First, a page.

Fact and fiction from the Sunday papers
While the News of the World trumpeted a "world exclusive" story of a "secret" meeting between Bruce Rioch and banned agent Rune Hauge - in a hotel restaurant in Norway - the Sunday Mirror claimed that Rioch's disgraced predecessor, George Graham, will become manager of Chelsea if Ken Bates wins his boardroom showdown with Matthew Harding.
Bates, their story says, is dissatisfied with Hoddle's performance as manager and feels that he is siding with Harding in the struggle for power.
As if Stan Collymore's widely reported threat to quit was not enough, the People reckons that Liverpool have another rebellious crew member on their hands in Neil Ruddock, who is reported to be seeking assurances about his future after losing his first-team place.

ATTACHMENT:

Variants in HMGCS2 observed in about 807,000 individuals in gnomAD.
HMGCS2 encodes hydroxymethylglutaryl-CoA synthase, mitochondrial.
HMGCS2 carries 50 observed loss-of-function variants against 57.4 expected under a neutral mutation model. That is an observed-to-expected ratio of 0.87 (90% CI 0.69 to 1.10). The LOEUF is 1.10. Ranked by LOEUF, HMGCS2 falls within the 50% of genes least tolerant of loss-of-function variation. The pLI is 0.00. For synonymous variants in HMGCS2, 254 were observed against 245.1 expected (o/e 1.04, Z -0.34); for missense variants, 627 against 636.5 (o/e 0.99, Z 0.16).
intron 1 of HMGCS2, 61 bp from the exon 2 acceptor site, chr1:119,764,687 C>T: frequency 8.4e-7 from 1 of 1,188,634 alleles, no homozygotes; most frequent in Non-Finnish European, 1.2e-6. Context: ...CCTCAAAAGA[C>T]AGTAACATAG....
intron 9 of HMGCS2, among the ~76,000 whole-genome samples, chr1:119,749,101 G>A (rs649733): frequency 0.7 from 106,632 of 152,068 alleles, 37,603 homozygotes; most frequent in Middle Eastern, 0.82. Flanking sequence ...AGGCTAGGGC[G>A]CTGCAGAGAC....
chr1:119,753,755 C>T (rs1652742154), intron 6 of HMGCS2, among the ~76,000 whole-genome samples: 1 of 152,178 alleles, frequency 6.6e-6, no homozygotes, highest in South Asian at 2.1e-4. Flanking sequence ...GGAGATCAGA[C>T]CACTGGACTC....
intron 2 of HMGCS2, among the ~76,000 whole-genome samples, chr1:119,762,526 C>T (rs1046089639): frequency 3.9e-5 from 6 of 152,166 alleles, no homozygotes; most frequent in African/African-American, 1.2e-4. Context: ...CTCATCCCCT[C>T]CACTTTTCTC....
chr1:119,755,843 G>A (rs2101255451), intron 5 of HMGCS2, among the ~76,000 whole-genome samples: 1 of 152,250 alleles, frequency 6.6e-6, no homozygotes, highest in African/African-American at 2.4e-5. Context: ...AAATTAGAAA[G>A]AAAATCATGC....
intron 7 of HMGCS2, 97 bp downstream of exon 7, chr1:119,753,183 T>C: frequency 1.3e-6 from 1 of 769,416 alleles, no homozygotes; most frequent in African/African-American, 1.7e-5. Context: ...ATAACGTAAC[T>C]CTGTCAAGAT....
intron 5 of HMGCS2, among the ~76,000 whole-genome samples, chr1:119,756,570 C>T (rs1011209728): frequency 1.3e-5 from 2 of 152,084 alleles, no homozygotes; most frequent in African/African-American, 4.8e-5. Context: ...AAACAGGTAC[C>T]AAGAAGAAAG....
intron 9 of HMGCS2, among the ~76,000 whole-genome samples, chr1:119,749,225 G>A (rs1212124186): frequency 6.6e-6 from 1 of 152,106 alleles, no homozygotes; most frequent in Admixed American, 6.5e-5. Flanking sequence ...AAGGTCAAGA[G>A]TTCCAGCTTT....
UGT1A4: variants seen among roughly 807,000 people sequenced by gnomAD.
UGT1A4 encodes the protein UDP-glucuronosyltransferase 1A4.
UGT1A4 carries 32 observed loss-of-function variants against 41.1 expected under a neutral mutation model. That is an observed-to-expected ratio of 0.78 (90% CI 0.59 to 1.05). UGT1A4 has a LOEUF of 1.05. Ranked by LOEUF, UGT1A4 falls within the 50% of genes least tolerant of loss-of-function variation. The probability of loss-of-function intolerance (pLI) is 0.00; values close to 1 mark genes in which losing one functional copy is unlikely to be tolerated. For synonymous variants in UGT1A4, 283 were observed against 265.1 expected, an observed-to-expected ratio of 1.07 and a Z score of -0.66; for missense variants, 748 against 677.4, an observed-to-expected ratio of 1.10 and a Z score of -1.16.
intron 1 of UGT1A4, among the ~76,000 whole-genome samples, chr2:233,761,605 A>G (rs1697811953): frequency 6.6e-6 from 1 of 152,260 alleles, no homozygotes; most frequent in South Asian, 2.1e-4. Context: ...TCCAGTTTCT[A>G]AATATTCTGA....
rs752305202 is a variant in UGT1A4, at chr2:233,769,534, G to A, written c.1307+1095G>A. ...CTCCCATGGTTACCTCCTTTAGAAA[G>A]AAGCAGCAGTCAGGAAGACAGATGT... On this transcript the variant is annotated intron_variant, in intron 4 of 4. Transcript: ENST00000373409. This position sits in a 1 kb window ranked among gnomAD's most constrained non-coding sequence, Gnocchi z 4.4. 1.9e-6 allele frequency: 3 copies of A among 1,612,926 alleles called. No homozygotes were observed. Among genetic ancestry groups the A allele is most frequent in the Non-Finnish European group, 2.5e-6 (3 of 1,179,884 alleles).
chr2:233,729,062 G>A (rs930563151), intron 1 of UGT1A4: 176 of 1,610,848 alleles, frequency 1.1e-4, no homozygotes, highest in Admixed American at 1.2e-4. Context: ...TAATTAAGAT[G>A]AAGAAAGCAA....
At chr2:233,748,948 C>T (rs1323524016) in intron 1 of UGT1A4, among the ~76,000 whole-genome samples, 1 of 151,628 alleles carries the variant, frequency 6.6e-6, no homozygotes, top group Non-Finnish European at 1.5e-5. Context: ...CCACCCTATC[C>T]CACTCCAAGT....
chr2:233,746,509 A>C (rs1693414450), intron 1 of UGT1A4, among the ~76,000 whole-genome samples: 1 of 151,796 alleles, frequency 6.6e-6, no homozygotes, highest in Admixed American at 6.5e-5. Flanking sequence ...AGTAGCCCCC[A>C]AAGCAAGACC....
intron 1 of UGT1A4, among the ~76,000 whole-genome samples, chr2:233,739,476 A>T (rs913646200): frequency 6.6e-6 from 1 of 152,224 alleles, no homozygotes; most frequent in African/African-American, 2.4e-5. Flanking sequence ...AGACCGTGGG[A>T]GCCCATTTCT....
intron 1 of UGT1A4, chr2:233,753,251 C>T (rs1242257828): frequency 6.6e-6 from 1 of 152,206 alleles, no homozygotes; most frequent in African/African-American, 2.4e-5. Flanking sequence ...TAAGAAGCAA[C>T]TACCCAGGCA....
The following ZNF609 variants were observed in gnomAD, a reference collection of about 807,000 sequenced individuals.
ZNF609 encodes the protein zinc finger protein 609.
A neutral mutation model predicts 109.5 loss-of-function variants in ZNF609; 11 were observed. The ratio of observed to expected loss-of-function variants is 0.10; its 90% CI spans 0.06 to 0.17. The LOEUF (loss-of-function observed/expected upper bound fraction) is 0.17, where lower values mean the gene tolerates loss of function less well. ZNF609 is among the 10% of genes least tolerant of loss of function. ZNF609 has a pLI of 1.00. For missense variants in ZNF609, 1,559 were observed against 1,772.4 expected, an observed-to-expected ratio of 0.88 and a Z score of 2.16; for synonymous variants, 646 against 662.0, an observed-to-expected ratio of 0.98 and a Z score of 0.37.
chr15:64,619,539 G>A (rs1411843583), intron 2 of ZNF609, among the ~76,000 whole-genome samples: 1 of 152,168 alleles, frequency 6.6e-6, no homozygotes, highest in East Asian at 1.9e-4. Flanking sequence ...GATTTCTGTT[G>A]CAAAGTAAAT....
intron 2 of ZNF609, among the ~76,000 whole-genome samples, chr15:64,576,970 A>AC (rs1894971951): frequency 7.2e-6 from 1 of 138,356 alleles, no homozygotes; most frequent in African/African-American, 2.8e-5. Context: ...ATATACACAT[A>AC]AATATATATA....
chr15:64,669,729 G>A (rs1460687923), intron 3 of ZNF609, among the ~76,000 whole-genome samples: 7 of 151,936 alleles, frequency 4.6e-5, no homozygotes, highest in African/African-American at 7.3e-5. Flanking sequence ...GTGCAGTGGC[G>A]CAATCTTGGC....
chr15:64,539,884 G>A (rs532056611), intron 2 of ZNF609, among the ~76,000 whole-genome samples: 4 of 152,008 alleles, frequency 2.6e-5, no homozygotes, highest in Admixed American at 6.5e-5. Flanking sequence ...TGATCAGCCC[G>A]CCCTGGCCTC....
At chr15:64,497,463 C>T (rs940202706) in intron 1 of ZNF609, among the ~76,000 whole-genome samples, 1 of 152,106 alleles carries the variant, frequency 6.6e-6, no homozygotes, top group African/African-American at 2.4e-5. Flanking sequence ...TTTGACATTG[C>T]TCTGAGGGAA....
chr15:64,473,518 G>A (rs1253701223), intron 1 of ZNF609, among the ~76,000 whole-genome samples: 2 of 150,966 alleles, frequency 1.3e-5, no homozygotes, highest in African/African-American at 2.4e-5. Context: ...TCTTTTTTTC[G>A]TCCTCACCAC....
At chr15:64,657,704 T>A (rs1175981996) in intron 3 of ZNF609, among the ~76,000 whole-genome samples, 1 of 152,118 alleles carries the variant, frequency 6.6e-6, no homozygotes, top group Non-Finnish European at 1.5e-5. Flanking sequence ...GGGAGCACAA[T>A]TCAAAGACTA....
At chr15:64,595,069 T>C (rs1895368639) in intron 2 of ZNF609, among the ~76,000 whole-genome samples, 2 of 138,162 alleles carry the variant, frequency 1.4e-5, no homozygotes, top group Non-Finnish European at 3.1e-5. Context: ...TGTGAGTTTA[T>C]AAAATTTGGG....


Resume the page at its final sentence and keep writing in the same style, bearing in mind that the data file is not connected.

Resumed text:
The People also claims a pounds 3m bid by Arsenal for Blackburn's Graeme Le Saux, although Ray Harford does not want to sell, and suggests Paul Ince will become a pounds 6.5m capture for Newcastle this week.
Meanwhile, the News of the World reckons that Lee Sharpe, unable to hold down a place with Manchester United, has enlisted agent Dennis Roach to help him find a new club, possibly in Italy.
Take a bow
"Some lunatic fans who had a go at him earlier in the season now think he's brilliant, but he's useless when he plays for 90 minutes. So I'll keep using him as sub."
The number of minutes Paul Moody took to score three of Oxford's nine, the fastest of six Saturday hat-tricks.
The full-house crowd at
Livingston's first match at Almondvale Stadium, compared with 238 for their final game at Meadowbank.
The goals shared on Saturday by the Sturridge brothers, one for Derby's Dean, three for Stoke's Simon.